Home > Dust, wages, contracts send engineering jobs to US

Dust, wages, contracts send engineering jobs to US

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Dust pollution and the cost of Australian labour have cited among reasons for the Hunter Valley’s Hedweld Group looking to the US to set up a new precision manufacturing division.

The Newcastle Herald reports that Ian Hedley, the company’s founder, has decided to establish a new precision manufacturing division in Idaho in the United States instead of in Mount Thorley’s industrial precinct, citing the high dust levels near the Mount Thorley-Warkworth open cut mine.

‘‘There is no way you can put together precision equipment that has hydraulics and everything when you have everything covered in dust,’’ Hedley told the Newcastle Herald. The division would have employed 15 people, according to the company.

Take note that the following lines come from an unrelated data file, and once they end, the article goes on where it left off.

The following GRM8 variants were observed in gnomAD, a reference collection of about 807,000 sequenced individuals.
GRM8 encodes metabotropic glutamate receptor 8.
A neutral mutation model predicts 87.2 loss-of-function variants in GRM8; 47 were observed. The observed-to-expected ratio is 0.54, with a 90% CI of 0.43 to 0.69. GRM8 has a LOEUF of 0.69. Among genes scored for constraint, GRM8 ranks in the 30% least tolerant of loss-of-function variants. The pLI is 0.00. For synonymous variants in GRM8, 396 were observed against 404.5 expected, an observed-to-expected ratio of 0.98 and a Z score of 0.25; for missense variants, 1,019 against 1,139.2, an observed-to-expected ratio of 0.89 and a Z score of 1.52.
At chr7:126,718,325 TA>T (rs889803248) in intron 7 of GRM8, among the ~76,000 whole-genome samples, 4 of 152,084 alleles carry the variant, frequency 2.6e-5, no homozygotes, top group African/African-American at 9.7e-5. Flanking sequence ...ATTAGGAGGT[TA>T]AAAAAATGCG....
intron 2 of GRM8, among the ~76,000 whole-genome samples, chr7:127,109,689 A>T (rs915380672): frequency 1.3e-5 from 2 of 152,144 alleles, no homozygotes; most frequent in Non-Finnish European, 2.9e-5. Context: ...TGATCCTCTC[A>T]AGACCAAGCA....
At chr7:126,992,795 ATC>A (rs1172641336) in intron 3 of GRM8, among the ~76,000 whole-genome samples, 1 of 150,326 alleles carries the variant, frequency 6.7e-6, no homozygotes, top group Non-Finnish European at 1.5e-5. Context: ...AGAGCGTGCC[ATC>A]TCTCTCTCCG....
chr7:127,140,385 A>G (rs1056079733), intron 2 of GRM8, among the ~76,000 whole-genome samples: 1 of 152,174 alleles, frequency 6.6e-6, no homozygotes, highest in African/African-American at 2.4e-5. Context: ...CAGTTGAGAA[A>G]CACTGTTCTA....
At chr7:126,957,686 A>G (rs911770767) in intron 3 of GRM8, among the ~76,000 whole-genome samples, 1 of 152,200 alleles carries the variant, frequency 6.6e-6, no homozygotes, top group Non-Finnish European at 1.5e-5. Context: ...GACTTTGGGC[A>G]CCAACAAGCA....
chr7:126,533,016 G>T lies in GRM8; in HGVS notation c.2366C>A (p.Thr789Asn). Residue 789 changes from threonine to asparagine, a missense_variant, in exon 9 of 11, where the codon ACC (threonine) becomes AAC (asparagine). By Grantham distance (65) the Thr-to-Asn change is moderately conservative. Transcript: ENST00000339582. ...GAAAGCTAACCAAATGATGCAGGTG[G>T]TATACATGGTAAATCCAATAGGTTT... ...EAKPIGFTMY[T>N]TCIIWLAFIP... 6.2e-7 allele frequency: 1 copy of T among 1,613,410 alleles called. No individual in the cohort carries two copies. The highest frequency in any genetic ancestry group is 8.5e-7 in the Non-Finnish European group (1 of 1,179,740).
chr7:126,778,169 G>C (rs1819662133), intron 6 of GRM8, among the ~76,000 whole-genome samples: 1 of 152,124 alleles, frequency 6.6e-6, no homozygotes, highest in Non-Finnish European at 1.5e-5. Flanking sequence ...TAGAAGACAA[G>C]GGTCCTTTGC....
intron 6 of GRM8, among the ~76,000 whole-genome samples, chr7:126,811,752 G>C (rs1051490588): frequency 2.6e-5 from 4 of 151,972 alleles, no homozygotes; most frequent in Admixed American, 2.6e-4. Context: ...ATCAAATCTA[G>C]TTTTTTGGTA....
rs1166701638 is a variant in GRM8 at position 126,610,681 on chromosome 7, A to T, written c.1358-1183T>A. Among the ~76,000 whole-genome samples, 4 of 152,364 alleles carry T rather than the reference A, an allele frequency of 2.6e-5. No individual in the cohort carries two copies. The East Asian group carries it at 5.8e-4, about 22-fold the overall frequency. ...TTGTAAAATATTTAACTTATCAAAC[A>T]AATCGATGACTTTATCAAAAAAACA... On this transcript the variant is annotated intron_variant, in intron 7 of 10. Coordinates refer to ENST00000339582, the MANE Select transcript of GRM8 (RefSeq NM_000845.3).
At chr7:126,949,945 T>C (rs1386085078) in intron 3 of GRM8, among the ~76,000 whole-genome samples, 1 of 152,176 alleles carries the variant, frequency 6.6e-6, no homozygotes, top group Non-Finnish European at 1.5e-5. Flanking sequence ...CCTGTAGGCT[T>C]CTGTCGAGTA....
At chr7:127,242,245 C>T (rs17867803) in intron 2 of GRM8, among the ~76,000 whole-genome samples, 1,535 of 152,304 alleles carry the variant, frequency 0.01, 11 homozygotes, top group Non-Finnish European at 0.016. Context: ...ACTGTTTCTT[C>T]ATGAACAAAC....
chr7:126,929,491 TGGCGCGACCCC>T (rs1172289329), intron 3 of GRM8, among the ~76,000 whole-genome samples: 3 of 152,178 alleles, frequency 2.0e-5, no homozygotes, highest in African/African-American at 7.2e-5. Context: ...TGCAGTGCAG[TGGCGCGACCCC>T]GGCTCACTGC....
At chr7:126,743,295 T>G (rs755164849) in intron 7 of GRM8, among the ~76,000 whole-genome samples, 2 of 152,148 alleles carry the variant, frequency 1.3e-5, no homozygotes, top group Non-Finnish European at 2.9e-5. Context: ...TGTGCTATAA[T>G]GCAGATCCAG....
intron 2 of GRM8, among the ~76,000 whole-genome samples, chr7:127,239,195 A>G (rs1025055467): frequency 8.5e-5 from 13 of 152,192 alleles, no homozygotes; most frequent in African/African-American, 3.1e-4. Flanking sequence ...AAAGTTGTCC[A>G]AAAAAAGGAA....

‘‘What they (the mining industry) don’t realise is if they don’t change there won’t be anything left of them or the engineering and technical services services industries that support them in 15 years,’’ Hedley added.

An expansion of Rio Tinto’s Mount Thorley mine was blocked by the Land and Environment Court earlier this year. Yesterday the Upper Hunter Air Quality monitoring network found air pollution was significantly above the level considered safe.

However, Hedley, speaking to Manufacturers’ Monthly at the Asia Pacific International Mining Exhibition, AIMEX – which opened today – said that closeness to North American markets where Hedweld had contracts as well as labour costs were major reasons behind the decision.

Hedweld, a winner of the 2012 Premier’s NSW Exporter of the Year Award (in the small to medium manufacturing category) has contracts in markets including Chile, Mexico, the US, Canada and Peru. 

Image: Fairfax

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